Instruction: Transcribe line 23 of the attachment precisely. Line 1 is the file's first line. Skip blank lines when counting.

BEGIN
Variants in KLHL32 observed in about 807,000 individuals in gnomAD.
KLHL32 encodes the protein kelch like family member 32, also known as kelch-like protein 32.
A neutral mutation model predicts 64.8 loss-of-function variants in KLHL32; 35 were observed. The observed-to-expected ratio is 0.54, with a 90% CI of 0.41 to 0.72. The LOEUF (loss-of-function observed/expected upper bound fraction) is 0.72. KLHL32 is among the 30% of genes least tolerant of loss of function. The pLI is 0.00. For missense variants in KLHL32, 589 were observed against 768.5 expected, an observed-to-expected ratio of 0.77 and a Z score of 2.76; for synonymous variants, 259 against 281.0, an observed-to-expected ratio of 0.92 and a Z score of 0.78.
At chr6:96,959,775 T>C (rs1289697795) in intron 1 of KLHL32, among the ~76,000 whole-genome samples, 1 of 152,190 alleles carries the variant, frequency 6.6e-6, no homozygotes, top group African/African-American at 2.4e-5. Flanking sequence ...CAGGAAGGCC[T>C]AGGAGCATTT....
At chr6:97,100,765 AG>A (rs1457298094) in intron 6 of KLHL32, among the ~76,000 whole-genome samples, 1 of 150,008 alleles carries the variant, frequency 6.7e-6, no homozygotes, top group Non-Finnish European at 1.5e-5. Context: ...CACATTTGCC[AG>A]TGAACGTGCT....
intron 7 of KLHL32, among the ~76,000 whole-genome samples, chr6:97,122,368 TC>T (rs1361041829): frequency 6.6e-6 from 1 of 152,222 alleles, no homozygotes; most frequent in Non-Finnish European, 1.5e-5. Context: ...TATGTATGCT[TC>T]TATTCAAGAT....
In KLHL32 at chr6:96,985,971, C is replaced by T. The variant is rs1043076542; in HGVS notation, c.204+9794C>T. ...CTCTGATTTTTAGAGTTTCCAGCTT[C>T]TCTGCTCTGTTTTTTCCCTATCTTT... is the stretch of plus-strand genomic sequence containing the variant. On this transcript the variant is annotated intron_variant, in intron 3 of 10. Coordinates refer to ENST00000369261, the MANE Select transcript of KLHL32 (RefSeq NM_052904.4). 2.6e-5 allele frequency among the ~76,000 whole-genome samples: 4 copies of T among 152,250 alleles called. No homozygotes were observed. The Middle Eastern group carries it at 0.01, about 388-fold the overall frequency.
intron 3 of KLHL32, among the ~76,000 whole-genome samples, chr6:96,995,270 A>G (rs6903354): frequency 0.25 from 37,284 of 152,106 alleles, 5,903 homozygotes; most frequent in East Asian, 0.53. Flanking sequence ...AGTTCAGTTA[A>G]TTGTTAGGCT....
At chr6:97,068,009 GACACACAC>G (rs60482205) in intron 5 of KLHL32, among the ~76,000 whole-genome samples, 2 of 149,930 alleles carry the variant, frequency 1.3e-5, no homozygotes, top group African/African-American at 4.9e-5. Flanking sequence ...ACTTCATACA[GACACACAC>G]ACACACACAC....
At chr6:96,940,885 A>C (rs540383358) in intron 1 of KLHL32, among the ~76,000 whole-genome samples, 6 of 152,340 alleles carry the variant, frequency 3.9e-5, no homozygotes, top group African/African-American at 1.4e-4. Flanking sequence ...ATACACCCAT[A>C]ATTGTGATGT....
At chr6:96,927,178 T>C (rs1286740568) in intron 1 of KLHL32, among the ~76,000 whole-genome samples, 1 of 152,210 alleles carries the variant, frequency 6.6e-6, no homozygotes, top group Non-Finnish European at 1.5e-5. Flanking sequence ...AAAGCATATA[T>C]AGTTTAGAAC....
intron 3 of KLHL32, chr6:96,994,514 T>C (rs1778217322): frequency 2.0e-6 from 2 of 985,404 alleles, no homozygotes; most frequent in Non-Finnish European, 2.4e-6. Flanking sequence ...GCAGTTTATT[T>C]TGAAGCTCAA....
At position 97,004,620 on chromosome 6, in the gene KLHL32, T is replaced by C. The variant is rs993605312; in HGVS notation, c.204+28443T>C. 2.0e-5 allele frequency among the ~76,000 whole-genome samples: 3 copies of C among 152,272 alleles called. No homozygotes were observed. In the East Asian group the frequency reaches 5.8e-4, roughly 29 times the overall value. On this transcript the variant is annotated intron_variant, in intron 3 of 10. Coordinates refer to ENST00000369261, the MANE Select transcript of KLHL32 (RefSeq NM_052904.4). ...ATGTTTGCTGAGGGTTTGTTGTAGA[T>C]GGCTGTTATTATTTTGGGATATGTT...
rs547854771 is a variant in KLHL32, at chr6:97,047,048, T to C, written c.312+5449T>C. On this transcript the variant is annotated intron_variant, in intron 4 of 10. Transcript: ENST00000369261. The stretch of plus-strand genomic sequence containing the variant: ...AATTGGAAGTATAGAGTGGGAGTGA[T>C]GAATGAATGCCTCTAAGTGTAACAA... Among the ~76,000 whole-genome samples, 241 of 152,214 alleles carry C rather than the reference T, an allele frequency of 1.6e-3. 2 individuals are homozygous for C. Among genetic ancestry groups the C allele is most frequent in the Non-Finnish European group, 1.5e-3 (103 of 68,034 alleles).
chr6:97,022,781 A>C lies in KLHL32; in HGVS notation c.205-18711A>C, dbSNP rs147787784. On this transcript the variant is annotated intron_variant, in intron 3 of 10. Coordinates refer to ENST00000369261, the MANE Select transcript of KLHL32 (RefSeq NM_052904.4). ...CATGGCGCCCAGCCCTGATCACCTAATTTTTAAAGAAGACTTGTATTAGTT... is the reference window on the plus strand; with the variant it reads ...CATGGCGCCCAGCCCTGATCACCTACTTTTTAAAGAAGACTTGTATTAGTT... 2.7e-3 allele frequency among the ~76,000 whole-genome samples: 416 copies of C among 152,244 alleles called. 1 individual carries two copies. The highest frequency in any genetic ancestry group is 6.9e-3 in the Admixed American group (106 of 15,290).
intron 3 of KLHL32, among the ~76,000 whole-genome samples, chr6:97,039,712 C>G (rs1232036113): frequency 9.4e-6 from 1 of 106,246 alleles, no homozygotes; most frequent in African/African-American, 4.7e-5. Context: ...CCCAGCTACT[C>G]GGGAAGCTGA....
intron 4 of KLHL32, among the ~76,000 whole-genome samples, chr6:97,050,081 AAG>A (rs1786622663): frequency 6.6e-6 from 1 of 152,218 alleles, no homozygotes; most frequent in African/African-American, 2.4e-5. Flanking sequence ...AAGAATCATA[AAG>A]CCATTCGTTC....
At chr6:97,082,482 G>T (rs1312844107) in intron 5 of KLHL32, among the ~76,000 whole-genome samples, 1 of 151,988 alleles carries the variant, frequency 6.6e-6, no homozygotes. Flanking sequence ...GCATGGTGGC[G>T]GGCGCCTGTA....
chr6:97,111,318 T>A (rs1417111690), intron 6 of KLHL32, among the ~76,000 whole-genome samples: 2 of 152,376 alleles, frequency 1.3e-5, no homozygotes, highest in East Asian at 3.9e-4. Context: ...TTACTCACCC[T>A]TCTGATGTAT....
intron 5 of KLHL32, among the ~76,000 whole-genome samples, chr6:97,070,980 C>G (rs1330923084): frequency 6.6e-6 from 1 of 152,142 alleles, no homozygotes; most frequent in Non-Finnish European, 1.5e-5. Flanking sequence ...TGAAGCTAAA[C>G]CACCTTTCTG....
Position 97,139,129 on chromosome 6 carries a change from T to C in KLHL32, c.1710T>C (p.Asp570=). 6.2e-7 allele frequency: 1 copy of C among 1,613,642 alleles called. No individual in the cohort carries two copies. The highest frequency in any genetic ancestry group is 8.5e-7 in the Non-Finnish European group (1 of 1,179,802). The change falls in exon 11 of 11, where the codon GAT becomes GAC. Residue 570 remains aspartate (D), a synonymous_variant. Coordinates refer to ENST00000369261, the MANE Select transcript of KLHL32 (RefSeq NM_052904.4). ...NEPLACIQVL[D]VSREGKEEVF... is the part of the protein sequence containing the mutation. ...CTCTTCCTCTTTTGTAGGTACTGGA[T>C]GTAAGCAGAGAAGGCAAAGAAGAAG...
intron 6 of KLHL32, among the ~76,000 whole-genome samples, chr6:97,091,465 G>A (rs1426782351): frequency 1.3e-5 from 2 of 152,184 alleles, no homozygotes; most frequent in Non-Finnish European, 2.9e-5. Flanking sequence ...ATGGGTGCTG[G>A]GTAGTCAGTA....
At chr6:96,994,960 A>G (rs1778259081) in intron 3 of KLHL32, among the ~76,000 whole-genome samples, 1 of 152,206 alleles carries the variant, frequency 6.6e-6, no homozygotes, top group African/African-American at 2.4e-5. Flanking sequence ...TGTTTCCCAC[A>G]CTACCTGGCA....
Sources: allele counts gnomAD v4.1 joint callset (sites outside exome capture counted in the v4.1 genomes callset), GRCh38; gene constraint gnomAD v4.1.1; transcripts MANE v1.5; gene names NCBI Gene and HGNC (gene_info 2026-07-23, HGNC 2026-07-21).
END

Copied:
At chr6:96,994,960 A>G (rs1778259081) in intron 3 of KLHL32, among the ~76,000 whole-genome samples, 1 of 152,206 alleles carries the variant, frequency 6.6e-6, no homozygotes, top group African/African-American at 2.4e-5. Flanking sequence ...TGTTTCCCAC[A>G]CTACCTGGCA....